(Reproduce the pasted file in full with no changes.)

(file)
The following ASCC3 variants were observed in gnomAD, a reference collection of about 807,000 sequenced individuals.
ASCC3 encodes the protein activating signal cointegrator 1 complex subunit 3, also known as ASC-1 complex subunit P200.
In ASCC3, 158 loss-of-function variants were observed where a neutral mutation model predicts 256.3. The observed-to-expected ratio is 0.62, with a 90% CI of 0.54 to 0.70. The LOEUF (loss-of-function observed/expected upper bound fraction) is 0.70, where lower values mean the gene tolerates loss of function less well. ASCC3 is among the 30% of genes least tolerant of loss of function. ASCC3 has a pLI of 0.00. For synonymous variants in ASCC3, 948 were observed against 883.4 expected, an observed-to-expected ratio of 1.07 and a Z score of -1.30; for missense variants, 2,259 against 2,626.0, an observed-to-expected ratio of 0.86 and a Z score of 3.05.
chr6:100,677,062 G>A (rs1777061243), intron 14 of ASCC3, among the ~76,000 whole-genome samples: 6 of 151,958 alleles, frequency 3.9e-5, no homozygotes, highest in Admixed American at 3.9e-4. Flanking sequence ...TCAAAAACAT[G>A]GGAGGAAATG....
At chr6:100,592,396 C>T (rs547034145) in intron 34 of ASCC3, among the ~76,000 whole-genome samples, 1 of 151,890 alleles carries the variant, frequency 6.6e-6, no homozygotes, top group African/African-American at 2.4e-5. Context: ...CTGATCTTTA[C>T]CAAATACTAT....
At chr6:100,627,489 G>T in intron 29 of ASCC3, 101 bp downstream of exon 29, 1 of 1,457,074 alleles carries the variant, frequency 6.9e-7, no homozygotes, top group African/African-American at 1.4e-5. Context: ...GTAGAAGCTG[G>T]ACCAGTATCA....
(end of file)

The following ASCC3 variants were observed in gnomAD, a reference collection of about 807,000 sequenced individuals.
ASCC3 encodes the protein activating signal cointegrator 1 complex subunit 3, also known as ASC-1 complex subunit P200.
In ASCC3, 158 loss-of-function variants were observed where a neutral mutation model predicts 256.3. The observed-to-expected ratio is 0.62, with a 90% CI of 0.54 to 0.70. The LOEUF (loss-of-function observed/expected upper bound fraction) is 0.70, where lower values mean the gene tolerates loss of function less well. ASCC3 is among the 30% of genes least tolerant of loss of function. ASCC3 has a pLI of 0.00. For synonymous variants in ASCC3, 948 were observed against 883.4 expected, an observed-to-expected ratio of 1.07 and a Z score of -1.30; for missense variants, 2,259 against 2,626.0, an observed-to-expected ratio of 0.86 and a Z score of 3.05.
chr6:100,677,062 G>A (rs1777061243), intron 14 of ASCC3, among the ~76,000 whole-genome samples: 6 of 151,958 alleles, frequency 3.9e-5, no homozygotes, highest in Admixed American at 3.9e-4. Flanking sequence ...TCAAAAACAT[G>A]GGAGGAAATG....
At chr6:100,592,396 C>T (rs547034145) in intron 34 of ASCC3, among the ~76,000 whole-genome samples, 1 of 151,890 alleles carries the variant, frequency 6.6e-6, no homozygotes, top group African/African-American at 2.4e-5. Context: ...CTGATCTTTA[C>T]CAAATACTAT....
At chr6:100,627,489 G>T in intron 29 of ASCC3, 101 bp downstream of exon 29, 1 of 1,457,074 alleles carries the variant, frequency 6.9e-7, no homozygotes, top group African/African-American at 1.4e-5. Context: ...GTAGAAGCTG[G>T]ACCAGTATCA....